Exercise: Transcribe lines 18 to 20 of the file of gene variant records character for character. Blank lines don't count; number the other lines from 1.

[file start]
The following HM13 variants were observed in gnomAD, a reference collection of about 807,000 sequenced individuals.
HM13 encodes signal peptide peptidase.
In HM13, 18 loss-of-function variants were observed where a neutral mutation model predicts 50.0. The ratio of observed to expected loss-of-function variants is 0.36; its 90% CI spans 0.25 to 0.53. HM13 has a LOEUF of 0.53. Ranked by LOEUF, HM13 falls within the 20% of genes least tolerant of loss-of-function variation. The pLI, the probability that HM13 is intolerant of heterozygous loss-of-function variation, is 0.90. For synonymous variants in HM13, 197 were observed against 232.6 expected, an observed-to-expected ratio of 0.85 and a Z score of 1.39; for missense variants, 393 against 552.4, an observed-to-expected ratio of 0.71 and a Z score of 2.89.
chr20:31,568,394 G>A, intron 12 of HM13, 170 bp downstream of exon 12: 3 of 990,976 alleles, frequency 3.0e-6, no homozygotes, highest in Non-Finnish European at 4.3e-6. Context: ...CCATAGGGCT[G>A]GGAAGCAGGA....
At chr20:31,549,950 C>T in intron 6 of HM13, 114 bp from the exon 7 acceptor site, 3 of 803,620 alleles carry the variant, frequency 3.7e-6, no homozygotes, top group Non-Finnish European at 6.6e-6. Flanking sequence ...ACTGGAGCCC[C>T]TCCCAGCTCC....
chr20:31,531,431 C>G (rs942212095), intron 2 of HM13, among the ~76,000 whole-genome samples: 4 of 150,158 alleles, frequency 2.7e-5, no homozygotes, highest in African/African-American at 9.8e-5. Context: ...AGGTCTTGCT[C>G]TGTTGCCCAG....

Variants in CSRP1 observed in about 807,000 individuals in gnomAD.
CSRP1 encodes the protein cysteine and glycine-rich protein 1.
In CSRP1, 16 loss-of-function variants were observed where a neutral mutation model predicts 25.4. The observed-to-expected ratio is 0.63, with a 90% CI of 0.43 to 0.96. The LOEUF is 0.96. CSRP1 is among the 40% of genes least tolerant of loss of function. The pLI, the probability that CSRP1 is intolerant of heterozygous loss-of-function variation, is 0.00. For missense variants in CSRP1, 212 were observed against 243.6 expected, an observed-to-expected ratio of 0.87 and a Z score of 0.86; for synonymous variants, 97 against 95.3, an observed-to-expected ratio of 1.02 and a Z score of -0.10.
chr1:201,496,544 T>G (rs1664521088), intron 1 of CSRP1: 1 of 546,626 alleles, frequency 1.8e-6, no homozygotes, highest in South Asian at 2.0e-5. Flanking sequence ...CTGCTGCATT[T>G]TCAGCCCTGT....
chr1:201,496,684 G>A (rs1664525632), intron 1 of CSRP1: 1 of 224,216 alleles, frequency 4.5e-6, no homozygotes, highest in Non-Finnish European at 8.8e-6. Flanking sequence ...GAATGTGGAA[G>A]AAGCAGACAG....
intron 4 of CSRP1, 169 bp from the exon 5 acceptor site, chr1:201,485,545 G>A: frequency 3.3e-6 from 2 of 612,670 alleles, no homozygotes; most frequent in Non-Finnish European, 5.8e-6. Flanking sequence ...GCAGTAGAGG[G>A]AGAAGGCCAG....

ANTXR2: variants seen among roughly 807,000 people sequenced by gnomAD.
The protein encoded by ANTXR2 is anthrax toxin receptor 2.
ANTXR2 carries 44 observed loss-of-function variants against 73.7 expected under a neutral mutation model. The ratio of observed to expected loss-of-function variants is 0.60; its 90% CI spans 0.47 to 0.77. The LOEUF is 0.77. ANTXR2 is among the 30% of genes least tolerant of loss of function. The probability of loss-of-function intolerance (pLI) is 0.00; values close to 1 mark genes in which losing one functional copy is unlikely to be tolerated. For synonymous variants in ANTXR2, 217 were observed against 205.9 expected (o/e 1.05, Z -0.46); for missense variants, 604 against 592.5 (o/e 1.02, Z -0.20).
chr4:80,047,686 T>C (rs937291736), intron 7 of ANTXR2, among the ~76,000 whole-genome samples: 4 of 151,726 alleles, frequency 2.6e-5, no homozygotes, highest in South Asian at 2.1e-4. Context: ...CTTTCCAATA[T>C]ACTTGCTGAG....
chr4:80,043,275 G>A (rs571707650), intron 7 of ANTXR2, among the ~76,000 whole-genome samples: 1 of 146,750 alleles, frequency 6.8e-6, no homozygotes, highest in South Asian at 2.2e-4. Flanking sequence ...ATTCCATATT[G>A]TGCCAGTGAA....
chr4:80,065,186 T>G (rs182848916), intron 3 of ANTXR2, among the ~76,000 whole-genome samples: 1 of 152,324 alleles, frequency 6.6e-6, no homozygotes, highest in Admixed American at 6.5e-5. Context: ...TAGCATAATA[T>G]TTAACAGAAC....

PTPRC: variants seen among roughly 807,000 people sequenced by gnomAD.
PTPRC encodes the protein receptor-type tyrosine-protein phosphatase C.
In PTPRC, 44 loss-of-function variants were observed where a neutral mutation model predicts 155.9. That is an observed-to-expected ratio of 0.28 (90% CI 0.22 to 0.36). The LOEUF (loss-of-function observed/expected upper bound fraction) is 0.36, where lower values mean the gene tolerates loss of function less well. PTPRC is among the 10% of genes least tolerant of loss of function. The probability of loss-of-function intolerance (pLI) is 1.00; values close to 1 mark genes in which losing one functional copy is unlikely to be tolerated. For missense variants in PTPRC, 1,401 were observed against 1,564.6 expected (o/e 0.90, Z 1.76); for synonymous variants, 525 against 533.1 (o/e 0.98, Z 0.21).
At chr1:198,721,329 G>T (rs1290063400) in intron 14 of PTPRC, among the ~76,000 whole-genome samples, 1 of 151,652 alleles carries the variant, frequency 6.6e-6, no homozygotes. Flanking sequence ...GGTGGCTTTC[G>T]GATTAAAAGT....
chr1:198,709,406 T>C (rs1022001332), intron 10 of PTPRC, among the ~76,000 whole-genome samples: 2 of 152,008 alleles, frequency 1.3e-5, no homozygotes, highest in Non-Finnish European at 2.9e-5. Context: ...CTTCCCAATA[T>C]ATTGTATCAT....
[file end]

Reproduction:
chr4:80,065,186 T>G (rs182848916), intron 3 of ANTXR2, among the ~76,000 whole-genome samples: 1 of 152,324 alleles, frequency 6.6e-6, no homozygotes, highest in Admixed American at 6.5e-5. Context: ...TAGCATAATA[T>G]TTAACAGAAC....

PTPRC: variants seen among roughly 807,000 people sequenced by gnomAD.
PTPRC encodes the protein receptor-type tyrosine-protein phosphatase C.